Sony's The Interview surpasses $50 million in digital sales

A woman looks at the Google Play purchase page for the Sony film The Interview, in Washington DC, on Dec 24, 2014. The Interview, the Sony Pictures comedy believed to have triggered a cyber attack on the studio, has racked up over US$40 million (S$53
A woman looks at the Google Play purchase page for the Sony film The Interview, in Washington DC, on Dec 24, 2014. The Interview, the Sony Pictures comedy believed to have triggered a cyber attack on the studio, has racked up over US$40 million (S$53 million) in sales from 5.8 million digital downloads, the studio said on Tuesday. -- PHOTO: AFP

LOS ANGELES (REUTERS) - The Interview, the Sony Pictures comedy believed to have triggered a cyber attack on the studio, has racked up over US$40 million (S$53 million) in sales from 5.8 million digital downloads, the studio said on Tuesday.

Michael Lynton, chief executive of Sony Corp's entertainment arm, called the US$40 million mark "a significant milestone" for the studio's unprecedented online and pay television release, on platforms such as Google Play, Apple's iTunes and Time Warner Cable.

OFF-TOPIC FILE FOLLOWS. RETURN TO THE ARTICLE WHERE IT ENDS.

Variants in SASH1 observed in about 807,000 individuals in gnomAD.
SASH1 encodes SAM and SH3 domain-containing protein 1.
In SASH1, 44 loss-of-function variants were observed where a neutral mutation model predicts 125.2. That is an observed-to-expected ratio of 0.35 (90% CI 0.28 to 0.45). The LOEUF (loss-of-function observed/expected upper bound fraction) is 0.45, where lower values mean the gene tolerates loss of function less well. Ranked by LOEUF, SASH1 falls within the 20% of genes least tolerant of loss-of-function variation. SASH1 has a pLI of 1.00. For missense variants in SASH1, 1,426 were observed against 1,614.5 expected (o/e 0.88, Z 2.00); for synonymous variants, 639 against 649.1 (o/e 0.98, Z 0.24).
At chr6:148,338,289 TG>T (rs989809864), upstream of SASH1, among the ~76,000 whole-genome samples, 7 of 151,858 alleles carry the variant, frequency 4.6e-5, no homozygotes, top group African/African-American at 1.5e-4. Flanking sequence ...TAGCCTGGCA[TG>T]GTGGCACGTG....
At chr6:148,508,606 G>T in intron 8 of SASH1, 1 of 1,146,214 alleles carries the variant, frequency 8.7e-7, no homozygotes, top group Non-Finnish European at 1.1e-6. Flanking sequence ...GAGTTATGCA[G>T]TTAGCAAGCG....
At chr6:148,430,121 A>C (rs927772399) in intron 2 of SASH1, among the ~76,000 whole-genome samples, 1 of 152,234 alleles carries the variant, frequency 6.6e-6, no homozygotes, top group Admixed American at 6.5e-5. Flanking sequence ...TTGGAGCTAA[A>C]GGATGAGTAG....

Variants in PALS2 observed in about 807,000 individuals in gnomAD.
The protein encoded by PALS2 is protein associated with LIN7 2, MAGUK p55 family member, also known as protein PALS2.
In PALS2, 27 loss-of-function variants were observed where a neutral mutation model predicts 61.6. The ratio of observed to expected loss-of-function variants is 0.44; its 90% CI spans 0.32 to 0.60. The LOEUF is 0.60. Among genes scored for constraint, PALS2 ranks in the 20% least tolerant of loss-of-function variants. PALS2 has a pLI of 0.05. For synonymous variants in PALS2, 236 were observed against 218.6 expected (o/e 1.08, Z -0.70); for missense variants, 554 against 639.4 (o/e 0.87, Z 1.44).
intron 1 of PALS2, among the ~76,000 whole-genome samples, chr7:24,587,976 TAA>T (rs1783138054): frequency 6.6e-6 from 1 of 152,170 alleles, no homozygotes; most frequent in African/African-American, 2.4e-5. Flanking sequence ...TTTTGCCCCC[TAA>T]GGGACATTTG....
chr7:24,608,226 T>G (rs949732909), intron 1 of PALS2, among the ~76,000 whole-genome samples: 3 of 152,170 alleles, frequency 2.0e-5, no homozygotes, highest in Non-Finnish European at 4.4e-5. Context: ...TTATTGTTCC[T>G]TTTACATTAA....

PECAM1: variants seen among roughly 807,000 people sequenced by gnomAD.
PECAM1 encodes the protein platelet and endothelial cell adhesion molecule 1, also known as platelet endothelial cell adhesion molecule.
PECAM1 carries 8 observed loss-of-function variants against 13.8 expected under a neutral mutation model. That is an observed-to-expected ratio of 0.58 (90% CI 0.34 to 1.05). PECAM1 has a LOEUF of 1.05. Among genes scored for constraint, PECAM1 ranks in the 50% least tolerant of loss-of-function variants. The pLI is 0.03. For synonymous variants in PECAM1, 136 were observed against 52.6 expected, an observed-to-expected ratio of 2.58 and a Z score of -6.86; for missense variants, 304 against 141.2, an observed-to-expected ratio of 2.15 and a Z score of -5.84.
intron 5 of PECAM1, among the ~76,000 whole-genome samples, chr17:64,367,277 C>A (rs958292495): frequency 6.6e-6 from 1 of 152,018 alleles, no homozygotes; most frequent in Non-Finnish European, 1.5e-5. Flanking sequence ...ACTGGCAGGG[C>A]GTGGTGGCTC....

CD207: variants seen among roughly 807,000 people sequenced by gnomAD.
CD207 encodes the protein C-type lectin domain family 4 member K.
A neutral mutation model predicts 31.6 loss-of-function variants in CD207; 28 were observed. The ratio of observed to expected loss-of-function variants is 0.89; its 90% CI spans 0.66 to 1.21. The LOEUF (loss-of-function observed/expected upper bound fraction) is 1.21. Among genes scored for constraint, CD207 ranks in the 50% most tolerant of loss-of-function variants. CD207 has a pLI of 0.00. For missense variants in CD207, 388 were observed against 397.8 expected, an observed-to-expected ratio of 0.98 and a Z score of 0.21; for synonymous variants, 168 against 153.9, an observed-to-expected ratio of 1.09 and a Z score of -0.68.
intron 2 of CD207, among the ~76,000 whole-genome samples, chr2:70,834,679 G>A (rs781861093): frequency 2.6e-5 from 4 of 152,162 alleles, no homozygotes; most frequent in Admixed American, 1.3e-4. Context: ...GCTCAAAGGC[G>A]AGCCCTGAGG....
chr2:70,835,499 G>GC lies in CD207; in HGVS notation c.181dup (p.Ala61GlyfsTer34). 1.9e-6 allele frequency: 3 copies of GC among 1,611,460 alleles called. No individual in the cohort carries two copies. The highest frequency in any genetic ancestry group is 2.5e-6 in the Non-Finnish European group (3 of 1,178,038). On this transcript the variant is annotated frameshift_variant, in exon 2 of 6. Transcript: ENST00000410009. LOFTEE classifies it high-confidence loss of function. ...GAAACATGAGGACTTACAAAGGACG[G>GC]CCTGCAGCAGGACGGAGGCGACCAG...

The film's digital release on Dec 24 was cobbled together a week after Sony Pictures shelved a wide release when major theatre chains refused to screen the movie due to unspecified threats of violence from hackers.

President Barack Obama called the decision to scrap the theatrical release a "mistake" akin to self-censorship.

The film starring Seth Rogen and James Franco, which depicts the fictional assassination of North Korea leader Kim Jong Un, has also earned US$6 million at the box office after independent theatres pushed for a limited release on Christmas Day.

It was unclear if Sony Pictures would recoup its investment in the comedy, which cost US$44 million to make and tens of millions more to market.

The US government has blamed North Korea for the most devastating cyber attack on a private company on US soil.

The North Korean government called The Interview an "act of war," but denies it is behind the hacking.